In a recently published article in the journal Nature, 90 researchers from various countries have collaborated to develop new knowledge about the Viking-era population. Marie Allen, professor of forensic genetics at Uppsala University, has contrib...
The VR game that takes you to medieval Visby
14 augusti 2020
Using a VR helmet, you can try your hand at archery in 14th century Visby. This new VR game has been developed by the game company Disir, which was founded by a game developer and three archaeologists, of which two research at Uppsala University.
“The American dilemma is far from resolved”
15 juni 2020
The police violence in Minneapolis that resulted in the death of George Floyd has once again thrust relations between black and white Americans onto the agenda, a dilemma that will most likely play a central role in this autumn’s presidential elec...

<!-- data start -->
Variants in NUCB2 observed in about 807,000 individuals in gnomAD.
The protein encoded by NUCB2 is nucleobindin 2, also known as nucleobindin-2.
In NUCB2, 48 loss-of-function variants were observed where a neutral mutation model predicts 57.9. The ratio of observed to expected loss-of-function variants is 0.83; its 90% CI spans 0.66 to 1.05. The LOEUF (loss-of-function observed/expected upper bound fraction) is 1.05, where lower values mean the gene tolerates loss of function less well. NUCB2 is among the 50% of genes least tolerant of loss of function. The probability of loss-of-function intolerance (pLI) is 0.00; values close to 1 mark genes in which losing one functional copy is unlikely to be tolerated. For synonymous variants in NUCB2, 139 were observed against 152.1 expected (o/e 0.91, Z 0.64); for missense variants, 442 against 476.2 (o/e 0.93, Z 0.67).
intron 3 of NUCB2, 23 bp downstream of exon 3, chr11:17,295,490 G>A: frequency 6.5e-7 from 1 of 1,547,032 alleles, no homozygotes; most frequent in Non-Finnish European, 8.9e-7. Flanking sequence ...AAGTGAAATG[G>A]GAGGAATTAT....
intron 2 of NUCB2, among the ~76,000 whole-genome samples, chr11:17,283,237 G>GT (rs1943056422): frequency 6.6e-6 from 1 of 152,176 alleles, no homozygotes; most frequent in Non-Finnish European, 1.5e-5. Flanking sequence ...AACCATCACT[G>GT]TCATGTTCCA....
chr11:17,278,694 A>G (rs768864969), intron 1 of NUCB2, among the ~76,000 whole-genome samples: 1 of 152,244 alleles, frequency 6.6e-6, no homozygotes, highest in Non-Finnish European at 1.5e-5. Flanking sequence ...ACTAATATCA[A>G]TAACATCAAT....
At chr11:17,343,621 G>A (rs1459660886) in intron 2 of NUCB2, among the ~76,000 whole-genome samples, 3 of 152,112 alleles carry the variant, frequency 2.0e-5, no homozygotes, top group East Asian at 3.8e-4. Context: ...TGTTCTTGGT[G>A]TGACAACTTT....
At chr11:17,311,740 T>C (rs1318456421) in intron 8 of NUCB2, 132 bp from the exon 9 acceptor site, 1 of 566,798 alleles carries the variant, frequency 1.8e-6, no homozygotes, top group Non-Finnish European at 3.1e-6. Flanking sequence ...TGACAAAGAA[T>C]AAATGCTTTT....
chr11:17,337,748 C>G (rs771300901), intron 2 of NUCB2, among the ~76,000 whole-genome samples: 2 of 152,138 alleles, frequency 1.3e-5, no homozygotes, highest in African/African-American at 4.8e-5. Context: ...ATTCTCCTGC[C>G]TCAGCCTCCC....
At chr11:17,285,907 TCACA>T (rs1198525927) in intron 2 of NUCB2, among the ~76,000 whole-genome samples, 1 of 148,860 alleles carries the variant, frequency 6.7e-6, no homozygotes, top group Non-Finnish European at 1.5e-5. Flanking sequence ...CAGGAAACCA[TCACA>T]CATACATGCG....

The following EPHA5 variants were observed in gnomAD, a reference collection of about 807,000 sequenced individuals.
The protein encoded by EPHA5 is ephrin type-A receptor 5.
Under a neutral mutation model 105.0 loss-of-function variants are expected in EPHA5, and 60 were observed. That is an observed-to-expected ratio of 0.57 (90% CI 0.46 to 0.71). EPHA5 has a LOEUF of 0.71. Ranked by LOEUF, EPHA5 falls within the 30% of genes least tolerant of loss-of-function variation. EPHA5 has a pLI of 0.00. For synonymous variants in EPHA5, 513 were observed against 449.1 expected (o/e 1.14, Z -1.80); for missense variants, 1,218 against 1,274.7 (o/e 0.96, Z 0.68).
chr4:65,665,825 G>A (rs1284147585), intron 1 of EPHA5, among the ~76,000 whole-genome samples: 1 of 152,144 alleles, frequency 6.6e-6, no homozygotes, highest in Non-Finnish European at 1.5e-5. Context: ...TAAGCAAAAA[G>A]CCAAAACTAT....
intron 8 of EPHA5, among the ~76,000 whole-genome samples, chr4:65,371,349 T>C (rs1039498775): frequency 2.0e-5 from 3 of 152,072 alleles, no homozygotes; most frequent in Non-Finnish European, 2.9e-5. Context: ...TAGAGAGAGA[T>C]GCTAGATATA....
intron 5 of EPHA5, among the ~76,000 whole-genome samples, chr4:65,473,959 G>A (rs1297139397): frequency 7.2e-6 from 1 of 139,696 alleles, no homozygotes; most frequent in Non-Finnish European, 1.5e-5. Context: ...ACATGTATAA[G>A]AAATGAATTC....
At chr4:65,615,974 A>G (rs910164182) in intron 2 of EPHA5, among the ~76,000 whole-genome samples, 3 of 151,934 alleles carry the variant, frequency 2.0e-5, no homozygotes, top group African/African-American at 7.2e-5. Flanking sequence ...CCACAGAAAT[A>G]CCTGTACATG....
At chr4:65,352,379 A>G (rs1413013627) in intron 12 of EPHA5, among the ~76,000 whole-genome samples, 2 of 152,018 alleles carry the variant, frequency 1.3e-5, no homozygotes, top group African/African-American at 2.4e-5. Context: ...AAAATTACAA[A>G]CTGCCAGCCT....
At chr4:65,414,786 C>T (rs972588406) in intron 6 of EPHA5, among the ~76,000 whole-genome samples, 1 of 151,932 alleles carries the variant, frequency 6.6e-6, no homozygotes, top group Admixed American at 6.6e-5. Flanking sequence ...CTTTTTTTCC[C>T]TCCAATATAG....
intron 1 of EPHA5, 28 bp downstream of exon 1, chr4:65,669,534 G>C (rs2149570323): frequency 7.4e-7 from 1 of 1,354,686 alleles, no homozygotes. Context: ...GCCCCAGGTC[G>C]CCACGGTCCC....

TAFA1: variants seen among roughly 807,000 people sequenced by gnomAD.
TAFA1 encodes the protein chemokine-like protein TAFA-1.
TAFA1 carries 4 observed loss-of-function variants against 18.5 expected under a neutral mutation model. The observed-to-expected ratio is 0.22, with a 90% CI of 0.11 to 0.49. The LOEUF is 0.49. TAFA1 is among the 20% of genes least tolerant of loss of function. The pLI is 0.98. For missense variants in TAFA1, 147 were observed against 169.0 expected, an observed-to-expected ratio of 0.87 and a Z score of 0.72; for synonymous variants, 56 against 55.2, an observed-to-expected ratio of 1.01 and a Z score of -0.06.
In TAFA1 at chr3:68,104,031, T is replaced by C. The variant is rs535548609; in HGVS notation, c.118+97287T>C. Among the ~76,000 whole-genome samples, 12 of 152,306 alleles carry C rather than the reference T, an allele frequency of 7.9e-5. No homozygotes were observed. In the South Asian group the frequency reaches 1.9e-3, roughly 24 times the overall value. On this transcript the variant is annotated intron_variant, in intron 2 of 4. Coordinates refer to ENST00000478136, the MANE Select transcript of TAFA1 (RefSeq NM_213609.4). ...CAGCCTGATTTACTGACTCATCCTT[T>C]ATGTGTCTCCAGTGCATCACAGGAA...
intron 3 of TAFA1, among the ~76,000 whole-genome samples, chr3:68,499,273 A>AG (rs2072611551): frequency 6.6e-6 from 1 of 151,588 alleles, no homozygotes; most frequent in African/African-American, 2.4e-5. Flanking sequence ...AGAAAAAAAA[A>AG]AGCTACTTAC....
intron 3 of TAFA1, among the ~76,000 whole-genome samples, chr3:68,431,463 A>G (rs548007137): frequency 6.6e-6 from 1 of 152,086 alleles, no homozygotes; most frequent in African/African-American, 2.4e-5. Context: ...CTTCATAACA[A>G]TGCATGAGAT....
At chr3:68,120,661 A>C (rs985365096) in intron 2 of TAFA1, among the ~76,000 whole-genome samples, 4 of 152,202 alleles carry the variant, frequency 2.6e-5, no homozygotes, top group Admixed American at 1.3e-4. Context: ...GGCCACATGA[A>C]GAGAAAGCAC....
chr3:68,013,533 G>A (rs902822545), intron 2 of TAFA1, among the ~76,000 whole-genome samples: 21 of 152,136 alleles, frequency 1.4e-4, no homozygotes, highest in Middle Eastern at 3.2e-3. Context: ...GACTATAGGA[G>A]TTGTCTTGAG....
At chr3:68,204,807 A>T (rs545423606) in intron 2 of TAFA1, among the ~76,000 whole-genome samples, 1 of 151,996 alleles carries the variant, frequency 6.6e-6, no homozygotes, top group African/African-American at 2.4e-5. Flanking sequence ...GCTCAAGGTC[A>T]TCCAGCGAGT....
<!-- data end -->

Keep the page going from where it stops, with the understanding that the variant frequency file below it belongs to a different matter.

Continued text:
Social graces and etiquette vital for Carl Linnaeus
04 juni 2020
What would have become of Carl Linnaeus if he had remained single? Would science have missed out on one of its major lodestars without his well-functioning household? And was his son, Carl Linnaeus the Younger, really the ne’er-do-well he was repu...
Medieval manuscript fragments acquired
26 maj 2020
A group of fragments of medieval manuscripts has been acquired by Uppsala University Library. Among these there is a fragment related to Saint Bridget of Sweden. This particular fragment may have been written at or owned by the Vadstena Abbey.
She studies AI as existential media
30 april 2020